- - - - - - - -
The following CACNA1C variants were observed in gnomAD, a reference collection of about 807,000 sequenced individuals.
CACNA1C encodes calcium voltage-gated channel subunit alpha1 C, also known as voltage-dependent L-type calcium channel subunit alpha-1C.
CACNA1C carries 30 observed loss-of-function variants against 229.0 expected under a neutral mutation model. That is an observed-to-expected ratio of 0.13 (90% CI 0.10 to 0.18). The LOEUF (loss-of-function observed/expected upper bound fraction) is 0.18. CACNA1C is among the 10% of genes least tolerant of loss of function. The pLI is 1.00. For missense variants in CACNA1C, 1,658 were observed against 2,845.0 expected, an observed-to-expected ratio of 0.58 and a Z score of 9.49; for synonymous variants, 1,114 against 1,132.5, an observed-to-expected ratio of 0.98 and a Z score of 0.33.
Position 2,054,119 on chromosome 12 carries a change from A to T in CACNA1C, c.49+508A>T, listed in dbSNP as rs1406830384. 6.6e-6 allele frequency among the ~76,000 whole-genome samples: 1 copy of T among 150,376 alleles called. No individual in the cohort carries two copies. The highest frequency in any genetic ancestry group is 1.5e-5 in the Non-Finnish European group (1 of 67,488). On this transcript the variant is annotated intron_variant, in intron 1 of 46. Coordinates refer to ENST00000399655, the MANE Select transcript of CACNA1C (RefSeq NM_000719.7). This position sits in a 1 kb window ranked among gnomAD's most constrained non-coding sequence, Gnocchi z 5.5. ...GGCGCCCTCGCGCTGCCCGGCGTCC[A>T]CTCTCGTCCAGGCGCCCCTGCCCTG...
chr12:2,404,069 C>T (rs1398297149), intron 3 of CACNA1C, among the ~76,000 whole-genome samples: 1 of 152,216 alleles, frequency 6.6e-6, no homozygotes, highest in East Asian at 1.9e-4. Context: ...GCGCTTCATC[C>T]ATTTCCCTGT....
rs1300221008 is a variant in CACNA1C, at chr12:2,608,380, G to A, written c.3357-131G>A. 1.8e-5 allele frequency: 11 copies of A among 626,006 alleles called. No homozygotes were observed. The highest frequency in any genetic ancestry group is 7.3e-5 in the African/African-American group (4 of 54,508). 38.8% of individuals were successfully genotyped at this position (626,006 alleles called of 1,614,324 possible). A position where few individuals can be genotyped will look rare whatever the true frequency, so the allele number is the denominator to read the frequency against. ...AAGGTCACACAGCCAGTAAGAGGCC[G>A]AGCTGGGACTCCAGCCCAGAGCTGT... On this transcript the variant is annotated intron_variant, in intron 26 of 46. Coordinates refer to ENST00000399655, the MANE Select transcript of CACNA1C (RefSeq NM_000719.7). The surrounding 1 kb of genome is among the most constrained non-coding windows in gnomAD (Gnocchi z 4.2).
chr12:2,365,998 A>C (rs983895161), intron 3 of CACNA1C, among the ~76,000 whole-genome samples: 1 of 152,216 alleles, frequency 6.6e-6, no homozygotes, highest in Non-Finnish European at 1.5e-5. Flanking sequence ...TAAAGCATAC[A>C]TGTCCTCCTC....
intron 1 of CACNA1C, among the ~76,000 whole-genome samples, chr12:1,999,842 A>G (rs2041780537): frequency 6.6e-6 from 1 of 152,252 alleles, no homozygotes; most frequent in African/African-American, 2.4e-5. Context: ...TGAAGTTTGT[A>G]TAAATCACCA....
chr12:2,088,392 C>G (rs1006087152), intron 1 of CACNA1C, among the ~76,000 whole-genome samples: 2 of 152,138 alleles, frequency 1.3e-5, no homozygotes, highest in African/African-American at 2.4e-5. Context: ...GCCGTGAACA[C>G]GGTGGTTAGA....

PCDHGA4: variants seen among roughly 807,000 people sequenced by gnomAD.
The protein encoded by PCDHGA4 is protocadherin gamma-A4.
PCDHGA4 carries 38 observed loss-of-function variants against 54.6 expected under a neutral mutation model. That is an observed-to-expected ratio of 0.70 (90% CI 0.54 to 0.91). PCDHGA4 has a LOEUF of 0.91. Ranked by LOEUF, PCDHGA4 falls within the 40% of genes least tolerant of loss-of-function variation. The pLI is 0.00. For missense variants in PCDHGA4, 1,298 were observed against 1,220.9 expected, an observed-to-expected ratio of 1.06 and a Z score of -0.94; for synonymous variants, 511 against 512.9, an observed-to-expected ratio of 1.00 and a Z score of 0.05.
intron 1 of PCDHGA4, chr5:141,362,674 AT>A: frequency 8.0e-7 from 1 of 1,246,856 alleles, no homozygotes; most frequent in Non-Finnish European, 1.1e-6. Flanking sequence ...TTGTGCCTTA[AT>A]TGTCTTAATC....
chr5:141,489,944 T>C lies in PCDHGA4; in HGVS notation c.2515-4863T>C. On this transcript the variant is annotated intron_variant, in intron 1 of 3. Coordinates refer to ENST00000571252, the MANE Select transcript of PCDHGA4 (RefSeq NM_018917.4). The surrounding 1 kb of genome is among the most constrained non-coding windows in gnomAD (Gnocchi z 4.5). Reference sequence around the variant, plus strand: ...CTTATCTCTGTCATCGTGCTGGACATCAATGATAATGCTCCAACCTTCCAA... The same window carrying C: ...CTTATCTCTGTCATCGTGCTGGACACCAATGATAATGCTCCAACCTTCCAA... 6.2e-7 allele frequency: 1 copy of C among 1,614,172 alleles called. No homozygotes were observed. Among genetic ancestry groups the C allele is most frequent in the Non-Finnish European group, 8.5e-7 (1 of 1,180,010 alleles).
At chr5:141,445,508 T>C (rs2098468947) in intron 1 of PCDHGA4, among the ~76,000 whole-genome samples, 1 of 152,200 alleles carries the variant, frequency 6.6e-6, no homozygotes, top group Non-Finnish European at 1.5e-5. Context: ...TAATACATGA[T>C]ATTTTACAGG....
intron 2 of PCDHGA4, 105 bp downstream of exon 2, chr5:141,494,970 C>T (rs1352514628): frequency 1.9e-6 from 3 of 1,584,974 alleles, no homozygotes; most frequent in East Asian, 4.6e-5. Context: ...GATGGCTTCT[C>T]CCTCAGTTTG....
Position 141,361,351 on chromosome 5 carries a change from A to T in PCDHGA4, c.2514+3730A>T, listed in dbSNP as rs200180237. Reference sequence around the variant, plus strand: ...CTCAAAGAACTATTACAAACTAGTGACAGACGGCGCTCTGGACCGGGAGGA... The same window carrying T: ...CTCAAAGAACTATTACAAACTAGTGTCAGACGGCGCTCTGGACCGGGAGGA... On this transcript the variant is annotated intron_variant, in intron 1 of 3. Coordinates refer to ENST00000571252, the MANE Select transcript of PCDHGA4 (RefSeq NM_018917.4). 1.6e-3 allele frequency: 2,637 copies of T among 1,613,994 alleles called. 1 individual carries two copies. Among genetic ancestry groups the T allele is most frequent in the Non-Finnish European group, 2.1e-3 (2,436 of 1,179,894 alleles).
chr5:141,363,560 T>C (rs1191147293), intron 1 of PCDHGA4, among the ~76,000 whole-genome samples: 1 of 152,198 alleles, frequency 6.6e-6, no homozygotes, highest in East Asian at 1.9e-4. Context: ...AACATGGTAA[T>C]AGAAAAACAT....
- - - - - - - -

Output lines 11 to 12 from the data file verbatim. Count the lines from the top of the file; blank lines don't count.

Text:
The protein encoded by PCDHGA4 is protocadherin gamma-A4.
PCDHGA4 carries 38 observed loss-of-function variants against 54.6 expected under a neutral mutation model. That is an observed-to-expected ratio of 0.70 (90% CI 0.54 to 0.91). PCDHGA4 has a LOEUF of 0.91. Ranked by LOEUF, PCDHGA4 falls within the 40% of genes least tolerant of loss-of-function variation. The pLI is 0.00. For missense variants in PCDHGA4, 1,298 were observed against 1,220.9 expected, an observed-to-expected ratio of 1.06 and a Z score of -0.94; for synonymous variants, 511 against 512.9, an observed-to-expected ratio of 1.00 and a Z score of 0.05.